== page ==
We’ve told you in recent Art Matters posts why we are undertaking conservation work on Claes Oldenburg’s Floor Burger (1962), as well as the intriguing story of what happened when the sculpture arrived at the Gallery in 1967.
Now that the conservation work is well underway, we wanted to let you know what steps are being taken to restore the work before it heads to the MoMA in spring 2013. AGO conservator Sherry Phillips is leading the project, and she gave us a glimpse into what discoveries and challenges she’s encountered since the conservation work began.
Phillips and her team had to examine Floor Burger carefully before they decided what work was required. Then there was an overall light dusting to remove dust and debris that had settled on the surface over many years of display and storage. This work was done very cautiously because the loose paint is susceptible to loss with even the lightest touch of a brush. She has also been testing to see which solution would work best to clean the sculpture’s surface. In the photo at left, you can see the markers Phillips is using to remind herself which spot was treated with which solution. Cleaning will be the final step in the restoration process, if time allows.
Phillips is consolidating the paint layers, using adhesive to bind the paint to the canvas. It’s an incredibly labour-intensive process, requiring constant attention and delicate handling of the materials. Though Phillips is getting help from Assistant Painting Conservator Bo Shin, she is expecting many more weeks of work to stabilize the surface of Floor Burger‘s various parts; only the top layer, the “pickle,” will not need work, aside from minor surface cleaning.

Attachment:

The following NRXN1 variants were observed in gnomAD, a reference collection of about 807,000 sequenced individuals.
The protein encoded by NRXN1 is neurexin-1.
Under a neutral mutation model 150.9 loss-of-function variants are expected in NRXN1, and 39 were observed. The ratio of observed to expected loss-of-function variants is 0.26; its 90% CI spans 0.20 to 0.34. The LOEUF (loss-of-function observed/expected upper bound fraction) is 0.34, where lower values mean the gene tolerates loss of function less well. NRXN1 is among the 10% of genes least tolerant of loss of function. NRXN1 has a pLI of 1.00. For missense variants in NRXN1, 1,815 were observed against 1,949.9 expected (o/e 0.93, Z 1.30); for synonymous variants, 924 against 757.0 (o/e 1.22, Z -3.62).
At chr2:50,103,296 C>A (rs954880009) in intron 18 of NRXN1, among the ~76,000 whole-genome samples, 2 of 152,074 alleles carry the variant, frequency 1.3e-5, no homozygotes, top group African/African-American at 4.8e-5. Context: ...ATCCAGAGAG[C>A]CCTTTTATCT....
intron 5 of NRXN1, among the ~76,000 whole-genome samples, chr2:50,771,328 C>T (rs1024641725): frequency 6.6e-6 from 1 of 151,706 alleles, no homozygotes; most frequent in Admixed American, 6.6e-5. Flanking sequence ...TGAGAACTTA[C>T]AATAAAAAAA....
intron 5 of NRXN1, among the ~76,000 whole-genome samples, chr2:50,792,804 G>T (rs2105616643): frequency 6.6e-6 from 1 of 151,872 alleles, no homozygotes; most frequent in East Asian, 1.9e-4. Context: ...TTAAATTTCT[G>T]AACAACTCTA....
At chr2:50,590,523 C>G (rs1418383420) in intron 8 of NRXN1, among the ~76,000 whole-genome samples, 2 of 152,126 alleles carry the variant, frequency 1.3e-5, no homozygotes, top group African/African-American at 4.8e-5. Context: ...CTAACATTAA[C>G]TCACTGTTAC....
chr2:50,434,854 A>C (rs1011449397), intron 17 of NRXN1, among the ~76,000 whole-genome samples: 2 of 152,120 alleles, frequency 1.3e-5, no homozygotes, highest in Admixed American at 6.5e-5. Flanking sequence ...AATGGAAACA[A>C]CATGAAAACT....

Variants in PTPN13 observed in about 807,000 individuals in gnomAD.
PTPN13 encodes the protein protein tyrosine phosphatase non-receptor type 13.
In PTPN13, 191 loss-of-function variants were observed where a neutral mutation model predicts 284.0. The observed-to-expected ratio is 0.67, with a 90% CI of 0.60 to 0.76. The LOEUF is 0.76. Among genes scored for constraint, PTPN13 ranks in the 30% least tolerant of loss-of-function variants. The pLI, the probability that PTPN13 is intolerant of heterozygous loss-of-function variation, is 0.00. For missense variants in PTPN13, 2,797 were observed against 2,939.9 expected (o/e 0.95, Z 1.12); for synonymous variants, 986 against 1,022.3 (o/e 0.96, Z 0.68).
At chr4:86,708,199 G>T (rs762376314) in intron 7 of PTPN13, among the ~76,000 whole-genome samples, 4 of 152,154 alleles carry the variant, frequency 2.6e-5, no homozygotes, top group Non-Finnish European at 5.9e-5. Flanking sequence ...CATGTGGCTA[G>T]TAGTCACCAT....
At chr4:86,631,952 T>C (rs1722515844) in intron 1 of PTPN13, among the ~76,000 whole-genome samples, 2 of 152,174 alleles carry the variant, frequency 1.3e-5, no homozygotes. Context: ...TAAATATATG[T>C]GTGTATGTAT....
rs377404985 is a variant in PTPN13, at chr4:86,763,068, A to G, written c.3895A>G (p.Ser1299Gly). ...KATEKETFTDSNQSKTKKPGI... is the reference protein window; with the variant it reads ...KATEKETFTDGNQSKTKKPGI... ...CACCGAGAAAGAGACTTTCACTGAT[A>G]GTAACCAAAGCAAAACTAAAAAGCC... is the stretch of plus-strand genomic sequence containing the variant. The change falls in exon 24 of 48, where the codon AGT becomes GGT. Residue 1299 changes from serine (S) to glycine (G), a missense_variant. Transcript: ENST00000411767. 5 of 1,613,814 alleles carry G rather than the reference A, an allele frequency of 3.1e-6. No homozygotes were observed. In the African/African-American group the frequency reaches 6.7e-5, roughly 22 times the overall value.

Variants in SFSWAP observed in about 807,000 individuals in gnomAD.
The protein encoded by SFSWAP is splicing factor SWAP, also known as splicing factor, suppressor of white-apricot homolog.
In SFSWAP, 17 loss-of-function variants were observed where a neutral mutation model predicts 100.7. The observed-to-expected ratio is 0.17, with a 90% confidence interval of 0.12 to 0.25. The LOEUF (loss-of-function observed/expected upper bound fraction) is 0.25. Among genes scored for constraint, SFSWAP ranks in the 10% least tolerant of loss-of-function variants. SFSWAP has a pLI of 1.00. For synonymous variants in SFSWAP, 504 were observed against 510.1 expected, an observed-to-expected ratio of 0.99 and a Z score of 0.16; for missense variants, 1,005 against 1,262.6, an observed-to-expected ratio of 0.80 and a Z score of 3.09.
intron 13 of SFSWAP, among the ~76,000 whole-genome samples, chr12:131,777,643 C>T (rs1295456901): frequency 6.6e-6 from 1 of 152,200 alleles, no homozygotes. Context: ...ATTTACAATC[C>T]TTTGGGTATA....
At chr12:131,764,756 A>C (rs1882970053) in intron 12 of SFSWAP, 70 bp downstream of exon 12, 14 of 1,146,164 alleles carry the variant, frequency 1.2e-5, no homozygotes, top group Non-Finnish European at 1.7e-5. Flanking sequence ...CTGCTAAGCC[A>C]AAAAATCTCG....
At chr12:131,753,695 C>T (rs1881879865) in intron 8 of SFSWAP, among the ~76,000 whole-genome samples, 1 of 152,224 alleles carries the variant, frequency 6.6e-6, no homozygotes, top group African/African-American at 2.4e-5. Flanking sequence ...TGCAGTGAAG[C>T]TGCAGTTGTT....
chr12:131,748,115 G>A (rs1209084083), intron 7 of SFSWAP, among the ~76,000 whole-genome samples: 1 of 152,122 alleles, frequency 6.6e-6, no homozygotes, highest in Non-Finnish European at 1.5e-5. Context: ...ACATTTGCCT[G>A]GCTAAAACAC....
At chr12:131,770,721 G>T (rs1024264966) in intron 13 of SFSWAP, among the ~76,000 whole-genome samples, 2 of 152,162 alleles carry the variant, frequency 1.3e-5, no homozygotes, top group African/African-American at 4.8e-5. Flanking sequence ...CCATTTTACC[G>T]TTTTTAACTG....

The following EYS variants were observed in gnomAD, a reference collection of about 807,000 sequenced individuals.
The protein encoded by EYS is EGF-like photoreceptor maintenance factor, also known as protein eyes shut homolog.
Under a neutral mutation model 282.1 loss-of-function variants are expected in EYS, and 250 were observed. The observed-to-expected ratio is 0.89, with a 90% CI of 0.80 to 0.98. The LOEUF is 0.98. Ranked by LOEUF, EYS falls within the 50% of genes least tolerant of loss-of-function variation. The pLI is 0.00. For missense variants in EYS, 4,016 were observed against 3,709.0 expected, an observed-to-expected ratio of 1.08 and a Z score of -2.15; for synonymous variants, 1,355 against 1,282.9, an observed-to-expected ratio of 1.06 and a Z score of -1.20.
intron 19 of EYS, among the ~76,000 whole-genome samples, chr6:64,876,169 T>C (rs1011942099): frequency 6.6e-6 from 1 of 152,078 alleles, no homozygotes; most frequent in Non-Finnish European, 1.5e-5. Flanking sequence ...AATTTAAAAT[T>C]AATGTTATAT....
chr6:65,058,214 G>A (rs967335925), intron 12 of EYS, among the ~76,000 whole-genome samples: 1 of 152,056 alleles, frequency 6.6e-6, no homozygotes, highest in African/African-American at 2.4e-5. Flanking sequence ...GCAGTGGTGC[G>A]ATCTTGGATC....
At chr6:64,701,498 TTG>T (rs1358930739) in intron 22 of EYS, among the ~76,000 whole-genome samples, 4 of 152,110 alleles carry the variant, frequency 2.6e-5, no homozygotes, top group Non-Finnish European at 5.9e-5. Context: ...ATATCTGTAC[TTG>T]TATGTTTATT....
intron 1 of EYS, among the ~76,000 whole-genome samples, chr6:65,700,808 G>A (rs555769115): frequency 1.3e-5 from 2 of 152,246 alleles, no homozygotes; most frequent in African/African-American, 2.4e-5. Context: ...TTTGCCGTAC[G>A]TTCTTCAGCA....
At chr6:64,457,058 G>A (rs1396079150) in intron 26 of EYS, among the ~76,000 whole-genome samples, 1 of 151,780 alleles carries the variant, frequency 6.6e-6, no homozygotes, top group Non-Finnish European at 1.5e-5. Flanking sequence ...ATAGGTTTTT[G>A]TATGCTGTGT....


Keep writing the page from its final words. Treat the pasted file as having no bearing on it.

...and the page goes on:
The next step will be redistributing the stuffing inside all parts of the sculpture. The stuffing comprises small chunks of foam, as well as ice cream boxes that emerged from inside Floor Burger as if from a time capsule. Both materials have fared well over time, but the individual pieces have shifted, leaving the sculpture with an uneven appearance. That’s to be expected, Phillips says, because the components have had 50 years of handling and travel to move around. Using archival images of the object for comparison, and an AGO curator’s second opinion, she will develop a tool to use inside the components to gently push and pull the stuffing to create a better defined “burger” shape. Before she can do that, the surface must be stable, and that is why the careful consolidation of the paint layers is needed: to make them as stable as possible Phillips “goes inside” the sculpture. Not all of her, of course, she jokes.
“Everything that’s happened is to be expected with an object like this, made of these materials.” Asked if there have been any surprises, Phillips points to zippers in the sculpture’s fabric; because this is the first time Floor Burger‘s layers have been separated at the AGO, no one really knew they were there, though they were anticipated.
“It was Claes Oldenburg’s first wife Patty who sewed all this together, and it’s really very nicely done. It’s well constructed, and the zippers are very sturdy.” Phillips says this will make it easier for her to do her work inside the sculpture. “It is lovely to see how well-made this work is.”
Visitors can observe Sherry at work in the Irena Moore Gallery (2nd level); the best times to see Conservation work in action are Tuesday to Friday, 10:30 am–noon and 1:30–4 pm.
Curious about Conservation?
If you have a burning question about Conservation, leave a comment below. We’ll do our best to give you an answer in an upcoming Conservation Notes post.